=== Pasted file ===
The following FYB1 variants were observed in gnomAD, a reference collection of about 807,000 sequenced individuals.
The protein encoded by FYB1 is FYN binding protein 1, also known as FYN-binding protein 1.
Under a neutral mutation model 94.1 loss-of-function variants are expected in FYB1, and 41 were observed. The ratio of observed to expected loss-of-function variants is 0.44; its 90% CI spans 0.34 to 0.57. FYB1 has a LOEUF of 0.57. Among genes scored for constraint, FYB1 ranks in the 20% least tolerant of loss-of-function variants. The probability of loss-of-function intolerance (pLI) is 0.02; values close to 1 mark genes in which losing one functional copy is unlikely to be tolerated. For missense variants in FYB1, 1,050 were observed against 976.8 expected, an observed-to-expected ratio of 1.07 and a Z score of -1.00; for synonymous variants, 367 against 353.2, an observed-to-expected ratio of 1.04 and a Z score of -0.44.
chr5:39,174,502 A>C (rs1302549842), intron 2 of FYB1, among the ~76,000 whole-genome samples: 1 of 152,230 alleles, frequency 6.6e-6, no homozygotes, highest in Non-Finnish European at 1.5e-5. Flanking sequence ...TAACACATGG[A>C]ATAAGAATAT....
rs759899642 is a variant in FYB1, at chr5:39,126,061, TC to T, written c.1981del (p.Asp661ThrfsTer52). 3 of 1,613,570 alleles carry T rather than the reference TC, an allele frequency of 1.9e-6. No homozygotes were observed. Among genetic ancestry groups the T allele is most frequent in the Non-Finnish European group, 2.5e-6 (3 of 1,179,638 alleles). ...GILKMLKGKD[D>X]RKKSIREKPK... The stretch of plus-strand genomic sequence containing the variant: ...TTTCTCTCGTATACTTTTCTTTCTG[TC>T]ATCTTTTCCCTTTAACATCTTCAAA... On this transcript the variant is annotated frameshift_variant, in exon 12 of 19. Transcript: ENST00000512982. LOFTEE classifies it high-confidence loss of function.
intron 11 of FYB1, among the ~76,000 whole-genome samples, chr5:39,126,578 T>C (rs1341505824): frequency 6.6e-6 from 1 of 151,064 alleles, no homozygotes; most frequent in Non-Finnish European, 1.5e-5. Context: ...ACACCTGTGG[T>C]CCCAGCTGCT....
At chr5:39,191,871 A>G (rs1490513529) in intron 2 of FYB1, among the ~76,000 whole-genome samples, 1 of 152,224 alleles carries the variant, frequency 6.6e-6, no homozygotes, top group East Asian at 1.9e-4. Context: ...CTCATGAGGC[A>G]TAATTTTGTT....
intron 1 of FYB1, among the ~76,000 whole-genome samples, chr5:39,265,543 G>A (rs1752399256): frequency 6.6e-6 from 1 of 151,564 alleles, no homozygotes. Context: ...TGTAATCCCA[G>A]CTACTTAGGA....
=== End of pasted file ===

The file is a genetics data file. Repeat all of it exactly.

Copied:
The following FYB1 variants were observed in gnomAD, a reference collection of about 807,000 sequenced individuals.
The protein encoded by FYB1 is FYN binding protein 1, also known as FYN-binding protein 1.
Under a neutral mutation model 94.1 loss-of-function variants are expected in FYB1, and 41 were observed. The ratio of observed to expected loss-of-function variants is 0.44; its 90% CI spans 0.34 to 0.57. FYB1 has a LOEUF of 0.57. Among genes scored for constraint, FYB1 ranks in the 20% least tolerant of loss-of-function variants. The probability of loss-of-function intolerance (pLI) is 0.02; values close to 1 mark genes in which losing one functional copy is unlikely to be tolerated. For missense variants in FYB1, 1,050 were observed against 976.8 expected, an observed-to-expected ratio of 1.07 and a Z score of -1.00; for synonymous variants, 367 against 353.2, an observed-to-expected ratio of 1.04 and a Z score of -0.44.
chr5:39,174,502 A>C (rs1302549842), intron 2 of FYB1, among the ~76,000 whole-genome samples: 1 of 152,230 alleles, frequency 6.6e-6, no homozygotes, highest in Non-Finnish European at 1.5e-5. Flanking sequence ...TAACACATGG[A>C]ATAAGAATAT....
rs759899642 is a variant in FYB1, at chr5:39,126,061, TC to T, written c.1981del (p.Asp661ThrfsTer52). 3 of 1,613,570 alleles carry T rather than the reference TC, an allele frequency of 1.9e-6. No homozygotes were observed. Among genetic ancestry groups the T allele is most frequent in the Non-Finnish European group, 2.5e-6 (3 of 1,179,638 alleles). ...GILKMLKGKD[D>X]RKKSIREKPK... The stretch of plus-strand genomic sequence containing the variant: ...TTTCTCTCGTATACTTTTCTTTCTG[TC>T]ATCTTTTCCCTTTAACATCTTCAAA... On this transcript the variant is annotated frameshift_variant, in exon 12 of 19. Transcript: ENST00000512982. LOFTEE classifies it high-confidence loss of function.
intron 11 of FYB1, among the ~76,000 whole-genome samples, chr5:39,126,578 T>C (rs1341505824): frequency 6.6e-6 from 1 of 151,064 alleles, no homozygotes; most frequent in Non-Finnish European, 1.5e-5. Context: ...ACACCTGTGG[T>C]CCCAGCTGCT....
At chr5:39,191,871 A>G (rs1490513529) in intron 2 of FYB1, among the ~76,000 whole-genome samples, 1 of 152,224 alleles carries the variant, frequency 6.6e-6, no homozygotes, top group East Asian at 1.9e-4. Context: ...CTCATGAGGC[A>G]TAATTTTGTT....
intron 1 of FYB1, among the ~76,000 whole-genome samples, chr5:39,265,543 G>A (rs1752399256): frequency 6.6e-6 from 1 of 151,564 alleles, no homozygotes. Context: ...TGTAATCCCA[G>A]CTACTTAGGA....